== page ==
During my college years a group of friends and I would leave the small town in which our Baptist college was located and drive to the nearest “big city” to go dancing. Every Wednesday night we’d dress in somber black garb and make the hour-long journey to a club located in the downtown’s “Old City.” I was eager for these excursions each week and willing to pay the price at my 8am Thursday class, as sleep deprivation befuddled my brain.

Our favorite dance spot was situated in a two-story brick building, downstairs was the bar, and upstairs in the shadows was the dance floor. We would bypass the bar and head straight up the stairs for two hours of dancing. Depeche Mode, The Cure, and New Order issued the siren songs we couldn’t resist. As I danced I could look down and see light from the bar below shining through cracks in the hardwoods. The deep bass of the music would rattle the floors so much that I feared the floors would soon collapse.

As I mentioned, I went to a Baptist school where dancing was taboo and dancing on campus was not permitted. If you’re not from the South and the Baptist culture, this might be mystifying. Perhaps the reason can best be conveyed by this joke a fellow alumnus tells: “Why don’t Baptists believe in premarital sex? Because it might lead to dancing.” Or maybe now would be a good time to pause and watch the movie “Footloose.” Watch the original please. John Lithgow’s portrayal of both a wounded man and the religious spirit nails it.

My college did not host dances; however, from time to time, students held them off campus. These were called “foot functions.” (That’s not a joke.) Usually these foot functions convened in a barn somewhere near the campus that a local resident was kind enough to let students use for the debauchery of music and dance. While I sometimes went to these foot functions, they were not the same as my Wednesday night sojourns to the city.

Most of my college days were spent being highly aware of who I was supposed to be becoming: virtuous, capable, energetic, strong, dignified, busy and brave. Again, pause here and read Proverbs 31, and you’ll discover my script. It was an impossible challenge, and one that I was sure I had not been hardwired to accomplish. In my heart, I knew who I was; yet, the performance-driven religion that constructed my worldview revealed that I was not enough. Not enough to win the heart of a good man, and definitely not enough earn the approval of my God. So, I moved through my days with self-awareness and shame.

There was something about these Wednesday nights that were different though…something liberating. As I walked up those creaking stairs to the dim dance floor each week, I felt weight falling off that allowed me to inhabit my body and move freely. I was no longer aware of eyes watching me and no longer cared if anyone was passing judgment. And I knew that for those hours I could be fully me without script or censorship. Paulo Coelho expressed it perfectly:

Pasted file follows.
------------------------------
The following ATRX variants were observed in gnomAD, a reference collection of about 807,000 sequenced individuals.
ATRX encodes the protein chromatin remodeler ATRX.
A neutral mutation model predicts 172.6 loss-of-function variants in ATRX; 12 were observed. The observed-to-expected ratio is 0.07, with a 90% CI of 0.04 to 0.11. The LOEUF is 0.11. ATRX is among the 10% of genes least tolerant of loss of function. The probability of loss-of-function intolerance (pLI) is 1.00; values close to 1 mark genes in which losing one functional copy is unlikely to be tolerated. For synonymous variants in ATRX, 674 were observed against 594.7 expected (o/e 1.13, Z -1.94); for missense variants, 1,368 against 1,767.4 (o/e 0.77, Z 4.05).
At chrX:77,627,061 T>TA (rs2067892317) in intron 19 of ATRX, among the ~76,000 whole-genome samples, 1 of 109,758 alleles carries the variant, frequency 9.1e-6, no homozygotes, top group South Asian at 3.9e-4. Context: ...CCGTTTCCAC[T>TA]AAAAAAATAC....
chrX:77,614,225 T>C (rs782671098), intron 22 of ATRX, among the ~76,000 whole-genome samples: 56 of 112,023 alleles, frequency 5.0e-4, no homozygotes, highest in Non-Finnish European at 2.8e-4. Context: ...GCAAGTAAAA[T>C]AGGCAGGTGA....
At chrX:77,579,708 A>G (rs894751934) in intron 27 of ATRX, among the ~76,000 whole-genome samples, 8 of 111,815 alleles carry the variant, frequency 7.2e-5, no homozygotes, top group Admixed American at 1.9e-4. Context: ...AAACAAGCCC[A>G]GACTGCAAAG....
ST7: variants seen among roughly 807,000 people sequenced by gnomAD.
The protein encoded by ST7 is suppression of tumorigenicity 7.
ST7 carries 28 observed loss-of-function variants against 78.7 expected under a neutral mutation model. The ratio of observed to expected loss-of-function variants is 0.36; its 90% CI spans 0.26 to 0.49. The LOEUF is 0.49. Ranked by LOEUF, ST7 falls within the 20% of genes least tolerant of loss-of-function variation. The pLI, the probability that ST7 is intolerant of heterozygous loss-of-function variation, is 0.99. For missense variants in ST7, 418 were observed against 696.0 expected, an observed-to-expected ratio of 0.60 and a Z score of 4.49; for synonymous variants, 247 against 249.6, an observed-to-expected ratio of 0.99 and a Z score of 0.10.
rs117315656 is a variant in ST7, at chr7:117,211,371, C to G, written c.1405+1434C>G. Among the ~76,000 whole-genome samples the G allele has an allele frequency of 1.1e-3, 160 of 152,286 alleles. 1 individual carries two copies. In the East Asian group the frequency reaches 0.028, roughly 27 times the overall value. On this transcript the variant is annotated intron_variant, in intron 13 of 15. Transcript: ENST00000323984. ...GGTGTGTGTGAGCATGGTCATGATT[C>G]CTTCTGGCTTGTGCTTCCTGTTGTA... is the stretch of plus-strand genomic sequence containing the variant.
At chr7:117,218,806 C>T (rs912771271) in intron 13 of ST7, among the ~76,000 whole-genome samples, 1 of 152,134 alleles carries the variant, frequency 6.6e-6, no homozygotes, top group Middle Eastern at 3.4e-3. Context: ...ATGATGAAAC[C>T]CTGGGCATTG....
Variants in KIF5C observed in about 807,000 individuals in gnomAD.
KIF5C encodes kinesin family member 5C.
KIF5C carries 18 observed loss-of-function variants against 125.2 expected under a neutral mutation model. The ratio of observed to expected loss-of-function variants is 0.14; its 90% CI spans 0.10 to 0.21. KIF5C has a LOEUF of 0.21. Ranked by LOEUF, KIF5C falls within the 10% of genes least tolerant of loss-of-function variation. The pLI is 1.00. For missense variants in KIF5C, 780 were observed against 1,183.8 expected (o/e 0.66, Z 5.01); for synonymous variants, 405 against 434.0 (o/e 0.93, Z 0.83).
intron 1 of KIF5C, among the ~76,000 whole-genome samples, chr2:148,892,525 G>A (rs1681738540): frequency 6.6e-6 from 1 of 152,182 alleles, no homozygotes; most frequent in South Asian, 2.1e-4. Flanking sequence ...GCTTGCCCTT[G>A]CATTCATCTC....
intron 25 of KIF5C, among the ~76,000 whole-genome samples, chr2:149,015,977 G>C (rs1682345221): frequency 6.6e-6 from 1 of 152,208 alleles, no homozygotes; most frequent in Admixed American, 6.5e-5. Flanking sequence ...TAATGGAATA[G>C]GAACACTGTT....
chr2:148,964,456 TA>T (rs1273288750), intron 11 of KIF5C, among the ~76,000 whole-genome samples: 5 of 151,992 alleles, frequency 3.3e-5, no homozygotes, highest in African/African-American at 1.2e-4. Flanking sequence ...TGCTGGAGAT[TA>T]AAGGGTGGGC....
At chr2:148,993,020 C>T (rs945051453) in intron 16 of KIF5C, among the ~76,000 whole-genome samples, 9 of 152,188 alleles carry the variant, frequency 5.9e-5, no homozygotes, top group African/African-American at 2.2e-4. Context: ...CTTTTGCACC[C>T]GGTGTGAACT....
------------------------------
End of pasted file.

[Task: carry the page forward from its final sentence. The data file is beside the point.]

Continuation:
“It’s as if the threads connecting us to the rest of the world were washed clean of preconceptions and fears. When you dance, you can enjoy the luxury of being you.”

With my graduation from college, now twenty-three years ago, these Wednesday night road trips came to an end. In the ensuing years, however, a new dance began – one of restoration and freedom – with God, who brought me out of the darkness. This dance betrays all of the rules and religious jargon that kept me bound in performance and resulting shame, and it reveals a God who unconditionally accepts me, lavishly loves me, and intimately woos me.

It has taken years to learn the choreography and to let Him lead; yet, I am moving in His steps with growing confidence and grace. One of my favorite songs, written by Charlie Hall, speaks this stunning truth: “Into marvelous light I’m running / Out of darkness, out of shame / By the cross You are the truth / You are the life, You are the way / Lift my hands and spin around / See the light that I have found / Oh, the marvelous light.” It’s in this divine dance that can come out of the shadows and fully enjoy the luxury of being me, and for that I am grateful.


Susan Tucker spends her days mothering her two teenage sons, teaching middle school English, and savoring rare moments of quiet and solitude. She lives in Knoxville, Tennessee, with her sons and her husband of 21 years. Susan finds life in a beautiful story, an authentic conversation, worship music, and ultimately, in Jesus, the giver of all good gifts.
nbsp